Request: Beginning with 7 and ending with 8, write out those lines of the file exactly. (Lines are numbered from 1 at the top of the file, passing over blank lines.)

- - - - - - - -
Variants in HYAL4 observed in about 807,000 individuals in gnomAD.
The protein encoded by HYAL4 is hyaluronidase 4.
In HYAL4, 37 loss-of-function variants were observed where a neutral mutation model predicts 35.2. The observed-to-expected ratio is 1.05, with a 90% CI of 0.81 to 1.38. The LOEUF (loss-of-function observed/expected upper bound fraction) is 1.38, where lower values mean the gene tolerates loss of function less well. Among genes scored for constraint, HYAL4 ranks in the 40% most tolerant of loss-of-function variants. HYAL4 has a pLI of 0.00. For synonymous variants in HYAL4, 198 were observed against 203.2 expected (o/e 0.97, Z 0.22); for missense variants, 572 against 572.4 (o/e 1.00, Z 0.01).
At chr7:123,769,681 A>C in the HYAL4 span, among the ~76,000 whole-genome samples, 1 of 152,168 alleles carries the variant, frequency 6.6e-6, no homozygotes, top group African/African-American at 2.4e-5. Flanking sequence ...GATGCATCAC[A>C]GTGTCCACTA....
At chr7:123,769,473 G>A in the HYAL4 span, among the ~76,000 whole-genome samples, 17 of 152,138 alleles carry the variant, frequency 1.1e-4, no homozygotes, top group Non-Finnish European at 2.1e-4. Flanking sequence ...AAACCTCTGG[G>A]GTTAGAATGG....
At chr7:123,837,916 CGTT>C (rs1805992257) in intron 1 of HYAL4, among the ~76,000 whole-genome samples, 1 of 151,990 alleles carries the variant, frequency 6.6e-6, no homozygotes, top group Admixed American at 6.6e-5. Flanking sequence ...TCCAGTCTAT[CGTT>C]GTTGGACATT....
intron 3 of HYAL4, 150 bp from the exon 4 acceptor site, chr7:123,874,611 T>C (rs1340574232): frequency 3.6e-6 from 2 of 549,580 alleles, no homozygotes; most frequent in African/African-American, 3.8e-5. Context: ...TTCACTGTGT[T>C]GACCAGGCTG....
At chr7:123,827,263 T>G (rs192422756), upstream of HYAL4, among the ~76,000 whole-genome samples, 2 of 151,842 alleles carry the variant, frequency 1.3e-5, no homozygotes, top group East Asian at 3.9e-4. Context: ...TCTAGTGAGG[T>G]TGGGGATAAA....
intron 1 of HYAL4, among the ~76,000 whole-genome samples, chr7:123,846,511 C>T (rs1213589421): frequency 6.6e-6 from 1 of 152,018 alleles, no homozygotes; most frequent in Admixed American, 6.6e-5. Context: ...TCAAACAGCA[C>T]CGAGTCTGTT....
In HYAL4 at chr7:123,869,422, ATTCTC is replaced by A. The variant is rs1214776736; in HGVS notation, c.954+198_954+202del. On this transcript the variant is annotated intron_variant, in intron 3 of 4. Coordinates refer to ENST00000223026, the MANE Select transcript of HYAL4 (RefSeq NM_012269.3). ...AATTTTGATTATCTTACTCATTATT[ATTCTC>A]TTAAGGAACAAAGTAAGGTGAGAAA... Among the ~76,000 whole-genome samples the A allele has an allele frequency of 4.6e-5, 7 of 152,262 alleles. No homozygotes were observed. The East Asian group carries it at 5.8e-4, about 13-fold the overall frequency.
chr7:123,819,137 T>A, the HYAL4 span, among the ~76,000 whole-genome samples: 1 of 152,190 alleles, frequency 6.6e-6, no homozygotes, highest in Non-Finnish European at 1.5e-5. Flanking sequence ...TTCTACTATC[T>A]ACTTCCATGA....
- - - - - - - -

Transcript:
intron 3 of HYAL4, 150 bp from the exon 4 acceptor site, chr7:123,874,611 T>C (rs1340574232): frequency 3.6e-6 from 2 of 549,580 alleles, no homozygotes; most frequent in African/African-American, 3.8e-5. Context: ...TTCACTGTGT[T>C]GACCAGGCTG....
At chr7:123,827,263 T>G (rs192422756), upstream of HYAL4, among the ~76,000 whole-genome samples, 2 of 151,842 alleles carry the variant, frequency 1.3e-5, no homozygotes, top group East Asian at 3.9e-4. Context: ...TCTAGTGAGG[T>G]TGGGGATAAA....